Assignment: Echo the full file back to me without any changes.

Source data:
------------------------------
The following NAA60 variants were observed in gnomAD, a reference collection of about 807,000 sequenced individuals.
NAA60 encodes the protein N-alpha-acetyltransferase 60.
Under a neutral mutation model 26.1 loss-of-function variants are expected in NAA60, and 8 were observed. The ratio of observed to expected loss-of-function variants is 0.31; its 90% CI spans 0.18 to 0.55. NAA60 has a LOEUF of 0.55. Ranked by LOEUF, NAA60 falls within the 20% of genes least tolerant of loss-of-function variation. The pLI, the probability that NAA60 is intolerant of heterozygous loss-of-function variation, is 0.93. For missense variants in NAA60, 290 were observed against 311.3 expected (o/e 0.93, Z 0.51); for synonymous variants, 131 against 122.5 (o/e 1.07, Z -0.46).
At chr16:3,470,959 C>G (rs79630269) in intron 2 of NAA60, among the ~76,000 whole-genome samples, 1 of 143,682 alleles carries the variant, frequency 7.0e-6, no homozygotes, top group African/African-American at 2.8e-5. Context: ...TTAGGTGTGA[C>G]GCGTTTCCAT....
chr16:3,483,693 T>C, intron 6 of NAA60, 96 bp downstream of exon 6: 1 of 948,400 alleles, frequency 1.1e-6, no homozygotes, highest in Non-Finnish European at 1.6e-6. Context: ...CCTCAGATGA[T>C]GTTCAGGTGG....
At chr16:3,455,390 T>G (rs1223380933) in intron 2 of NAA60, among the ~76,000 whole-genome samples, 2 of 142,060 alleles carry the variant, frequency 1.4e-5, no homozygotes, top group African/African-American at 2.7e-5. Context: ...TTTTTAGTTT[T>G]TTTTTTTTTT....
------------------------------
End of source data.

The following NAA60 variants were observed in gnomAD, a reference collection of about 807,000 sequenced individuals.
NAA60 encodes the protein N-alpha-acetyltransferase 60.
Under a neutral mutation model 26.1 loss-of-function variants are expected in NAA60, and 8 were observed. The ratio of observed to expected loss-of-function variants is 0.31; its 90% CI spans 0.18 to 0.55. NAA60 has a LOEUF of 0.55. Ranked by LOEUF, NAA60 falls within the 20% of genes least tolerant of loss-of-function variation. The pLI, the probability that NAA60 is intolerant of heterozygous loss-of-function variation, is 0.93. For missense variants in NAA60, 290 were observed against 311.3 expected (o/e 0.93, Z 0.51); for synonymous variants, 131 against 122.5 (o/e 1.07, Z -0.46).
At chr16:3,470,959 C>G (rs79630269) in intron 2 of NAA60, among the ~76,000 whole-genome samples, 1 of 143,682 alleles carries the variant, frequency 7.0e-6, no homozygotes, top group African/African-American at 2.8e-5. Context: ...TTAGGTGTGA[C>G]GCGTTTCCAT....
chr16:3,483,693 T>C, intron 6 of NAA60, 96 bp downstream of exon 6: 1 of 948,400 alleles, frequency 1.1e-6, no homozygotes, highest in Non-Finnish European at 1.6e-6. Context: ...CCTCAGATGA[T>C]GTTCAGGTGG....
At chr16:3,455,390 T>G (rs1223380933) in intron 2 of NAA60, among the ~76,000 whole-genome samples, 2 of 142,060 alleles carry the variant, frequency 1.4e-5, no homozygotes, top group African/African-American at 2.7e-5. Context: ...TTTTTAGTTT[T>G]TTTTTTTTTT....